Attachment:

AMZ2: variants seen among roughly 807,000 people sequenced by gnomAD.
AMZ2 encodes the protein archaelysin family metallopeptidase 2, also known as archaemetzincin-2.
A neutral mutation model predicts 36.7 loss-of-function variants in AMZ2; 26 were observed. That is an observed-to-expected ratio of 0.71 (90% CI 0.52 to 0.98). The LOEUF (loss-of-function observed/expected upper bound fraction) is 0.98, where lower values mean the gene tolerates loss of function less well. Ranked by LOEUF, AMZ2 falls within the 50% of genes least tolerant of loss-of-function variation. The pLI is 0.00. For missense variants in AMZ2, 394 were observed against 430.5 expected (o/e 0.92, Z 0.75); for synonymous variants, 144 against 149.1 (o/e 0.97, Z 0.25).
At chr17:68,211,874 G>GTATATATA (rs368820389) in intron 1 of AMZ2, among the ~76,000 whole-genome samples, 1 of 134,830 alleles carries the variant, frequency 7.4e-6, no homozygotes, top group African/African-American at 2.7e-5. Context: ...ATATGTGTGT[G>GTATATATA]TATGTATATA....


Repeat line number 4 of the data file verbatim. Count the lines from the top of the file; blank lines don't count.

At chr17:68,211,874 G>GTATATATA (rs368820389) in intron 1 of AMZ2, among the ~76,000 whole-genome samples, 1 of 134,830 alleles carries the variant, frequency 7.4e-6, no homozygotes, top group African/African-American at 2.7e-5. Context: ...ATATGTGTGT[G>GTATATATA]TATGTATATA....